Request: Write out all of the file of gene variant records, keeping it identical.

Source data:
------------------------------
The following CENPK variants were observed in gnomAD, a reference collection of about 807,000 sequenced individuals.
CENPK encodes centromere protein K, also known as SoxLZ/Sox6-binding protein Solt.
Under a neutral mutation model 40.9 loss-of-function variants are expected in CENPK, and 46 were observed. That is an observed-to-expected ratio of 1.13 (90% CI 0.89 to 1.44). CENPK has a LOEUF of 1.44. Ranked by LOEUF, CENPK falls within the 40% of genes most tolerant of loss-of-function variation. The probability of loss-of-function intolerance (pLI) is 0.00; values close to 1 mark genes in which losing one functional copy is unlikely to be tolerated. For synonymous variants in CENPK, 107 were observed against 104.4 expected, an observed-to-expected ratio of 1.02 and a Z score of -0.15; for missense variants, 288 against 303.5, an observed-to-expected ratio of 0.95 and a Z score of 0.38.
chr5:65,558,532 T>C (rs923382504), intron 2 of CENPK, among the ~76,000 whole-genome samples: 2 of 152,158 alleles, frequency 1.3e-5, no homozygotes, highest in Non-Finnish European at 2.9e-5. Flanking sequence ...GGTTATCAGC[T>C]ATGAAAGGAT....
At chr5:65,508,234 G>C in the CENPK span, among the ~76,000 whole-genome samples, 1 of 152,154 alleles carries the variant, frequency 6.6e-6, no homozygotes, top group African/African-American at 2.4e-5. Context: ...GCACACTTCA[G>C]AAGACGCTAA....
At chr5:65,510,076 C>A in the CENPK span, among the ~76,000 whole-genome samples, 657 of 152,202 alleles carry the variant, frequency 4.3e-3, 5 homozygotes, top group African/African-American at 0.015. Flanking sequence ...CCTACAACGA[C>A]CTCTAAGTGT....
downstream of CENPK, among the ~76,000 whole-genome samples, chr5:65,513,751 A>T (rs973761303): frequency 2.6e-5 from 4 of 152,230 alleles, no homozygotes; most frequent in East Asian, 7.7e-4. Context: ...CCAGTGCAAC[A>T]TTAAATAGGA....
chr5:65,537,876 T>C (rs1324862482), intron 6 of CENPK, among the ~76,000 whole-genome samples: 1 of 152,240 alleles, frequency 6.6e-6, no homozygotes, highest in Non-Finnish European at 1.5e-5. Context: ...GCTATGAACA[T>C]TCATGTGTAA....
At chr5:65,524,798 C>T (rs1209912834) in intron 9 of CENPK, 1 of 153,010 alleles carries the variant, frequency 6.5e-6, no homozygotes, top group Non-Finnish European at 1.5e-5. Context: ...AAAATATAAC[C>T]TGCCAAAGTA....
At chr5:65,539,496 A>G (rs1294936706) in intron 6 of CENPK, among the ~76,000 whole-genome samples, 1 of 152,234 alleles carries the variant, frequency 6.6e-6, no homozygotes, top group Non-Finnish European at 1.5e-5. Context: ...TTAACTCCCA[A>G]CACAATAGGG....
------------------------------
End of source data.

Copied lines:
The following CENPK variants were observed in gnomAD, a reference collection of about 807,000 sequenced individuals.
CENPK encodes centromere protein K, also known as SoxLZ/Sox6-binding protein Solt.
Under a neutral mutation model 40.9 loss-of-function variants are expected in CENPK, and 46 were observed. That is an observed-to-expected ratio of 1.13 (90% CI 0.89 to 1.44). CENPK has a LOEUF of 1.44. Ranked by LOEUF, CENPK falls within the 40% of genes most tolerant of loss-of-function variation. The probability of loss-of-function intolerance (pLI) is 0.00; values close to 1 mark genes in which losing one functional copy is unlikely to be tolerated. For synonymous variants in CENPK, 107 were observed against 104.4 expected, an observed-to-expected ratio of 1.02 and a Z score of -0.15; for missense variants, 288 against 303.5, an observed-to-expected ratio of 0.95 and a Z score of 0.38.
chr5:65,558,532 T>C (rs923382504), intron 2 of CENPK, among the ~76,000 whole-genome samples: 2 of 152,158 alleles, frequency 1.3e-5, no homozygotes, highest in Non-Finnish European at 2.9e-5. Flanking sequence ...GGTTATCAGC[T>C]ATGAAAGGAT....
At chr5:65,508,234 G>C in the CENPK span, among the ~76,000 whole-genome samples, 1 of 152,154 alleles carries the variant, frequency 6.6e-6, no homozygotes, top group African/African-American at 2.4e-5. Context: ...GCACACTTCA[G>C]AAGACGCTAA....
At chr5:65,510,076 C>A in the CENPK span, among the ~76,000 whole-genome samples, 657 of 152,202 alleles carry the variant, frequency 4.3e-3, 5 homozygotes, top group African/African-American at 0.015. Flanking sequence ...CCTACAACGA[C>A]CTCTAAGTGT....
downstream of CENPK, among the ~76,000 whole-genome samples, chr5:65,513,751 A>T (rs973761303): frequency 2.6e-5 from 4 of 152,230 alleles, no homozygotes; most frequent in East Asian, 7.7e-4. Context: ...CCAGTGCAAC[A>T]TTAAATAGGA....
chr5:65,537,876 T>C (rs1324862482), intron 6 of CENPK, among the ~76,000 whole-genome samples: 1 of 152,240 alleles, frequency 6.6e-6, no homozygotes, highest in Non-Finnish European at 1.5e-5. Context: ...GCTATGAACA[T>C]TCATGTGTAA....
At chr5:65,524,798 C>T (rs1209912834) in intron 9 of CENPK, 1 of 153,010 alleles carries the variant, frequency 6.5e-6, no homozygotes, top group Non-Finnish European at 1.5e-5. Context: ...AAAATATAAC[C>T]TGCCAAAGTA....
At chr5:65,539,496 A>G (rs1294936706) in intron 6 of CENPK, among the ~76,000 whole-genome samples, 1 of 152,234 alleles carries the variant, frequency 6.6e-6, no homozygotes, top group Non-Finnish European at 1.5e-5. Context: ...TTAACTCCCA[A>G]CACAATAGGG....